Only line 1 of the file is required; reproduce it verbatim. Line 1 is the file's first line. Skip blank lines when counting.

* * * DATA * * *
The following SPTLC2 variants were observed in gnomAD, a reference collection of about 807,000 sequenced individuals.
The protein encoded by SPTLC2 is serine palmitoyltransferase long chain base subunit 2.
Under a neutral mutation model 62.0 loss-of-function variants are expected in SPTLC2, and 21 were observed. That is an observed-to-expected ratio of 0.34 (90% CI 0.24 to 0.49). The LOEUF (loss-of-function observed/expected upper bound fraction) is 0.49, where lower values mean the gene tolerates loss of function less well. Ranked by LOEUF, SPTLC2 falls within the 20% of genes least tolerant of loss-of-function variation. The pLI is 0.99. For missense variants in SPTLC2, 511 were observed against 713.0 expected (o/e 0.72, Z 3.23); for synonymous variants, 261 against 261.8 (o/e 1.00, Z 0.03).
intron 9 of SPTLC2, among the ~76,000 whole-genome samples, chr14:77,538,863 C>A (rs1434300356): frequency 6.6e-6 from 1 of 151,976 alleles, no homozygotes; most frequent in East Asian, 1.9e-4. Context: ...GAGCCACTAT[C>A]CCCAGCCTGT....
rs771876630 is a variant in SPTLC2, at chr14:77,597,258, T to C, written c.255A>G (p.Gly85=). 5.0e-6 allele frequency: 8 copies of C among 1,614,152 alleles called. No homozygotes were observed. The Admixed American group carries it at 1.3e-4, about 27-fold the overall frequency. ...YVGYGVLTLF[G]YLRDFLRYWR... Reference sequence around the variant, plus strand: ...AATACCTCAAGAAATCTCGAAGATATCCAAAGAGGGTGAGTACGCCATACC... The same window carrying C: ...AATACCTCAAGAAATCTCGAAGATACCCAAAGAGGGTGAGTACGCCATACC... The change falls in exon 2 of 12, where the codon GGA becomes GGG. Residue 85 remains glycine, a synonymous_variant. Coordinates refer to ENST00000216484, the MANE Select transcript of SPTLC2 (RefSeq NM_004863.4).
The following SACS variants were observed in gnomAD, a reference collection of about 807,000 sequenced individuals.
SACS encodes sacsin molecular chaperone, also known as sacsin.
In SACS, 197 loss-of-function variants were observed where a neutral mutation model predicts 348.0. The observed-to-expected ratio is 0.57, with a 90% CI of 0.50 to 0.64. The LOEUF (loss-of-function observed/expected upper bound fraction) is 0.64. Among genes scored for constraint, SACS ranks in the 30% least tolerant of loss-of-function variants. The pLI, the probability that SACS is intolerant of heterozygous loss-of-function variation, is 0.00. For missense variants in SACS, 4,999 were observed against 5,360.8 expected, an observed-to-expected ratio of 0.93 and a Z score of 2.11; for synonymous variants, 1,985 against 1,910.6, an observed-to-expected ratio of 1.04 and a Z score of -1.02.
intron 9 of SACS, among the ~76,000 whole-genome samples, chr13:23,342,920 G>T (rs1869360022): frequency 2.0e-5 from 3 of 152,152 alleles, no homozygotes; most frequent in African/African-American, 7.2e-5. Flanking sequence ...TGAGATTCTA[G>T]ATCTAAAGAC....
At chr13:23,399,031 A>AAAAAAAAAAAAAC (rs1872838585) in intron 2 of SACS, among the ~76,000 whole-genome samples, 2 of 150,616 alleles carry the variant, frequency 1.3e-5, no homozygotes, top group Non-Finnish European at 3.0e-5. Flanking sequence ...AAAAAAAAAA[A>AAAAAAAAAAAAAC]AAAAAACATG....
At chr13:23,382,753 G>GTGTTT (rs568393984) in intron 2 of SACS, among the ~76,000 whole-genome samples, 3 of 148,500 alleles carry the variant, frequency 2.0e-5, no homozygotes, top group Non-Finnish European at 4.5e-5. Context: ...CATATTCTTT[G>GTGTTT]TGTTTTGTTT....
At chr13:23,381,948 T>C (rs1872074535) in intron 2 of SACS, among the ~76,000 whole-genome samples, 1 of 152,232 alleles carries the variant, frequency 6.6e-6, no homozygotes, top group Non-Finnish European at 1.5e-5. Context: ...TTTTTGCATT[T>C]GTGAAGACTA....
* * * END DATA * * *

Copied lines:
The following SPTLC2 variants were observed in gnomAD, a reference collection of about 807,000 sequenced individuals.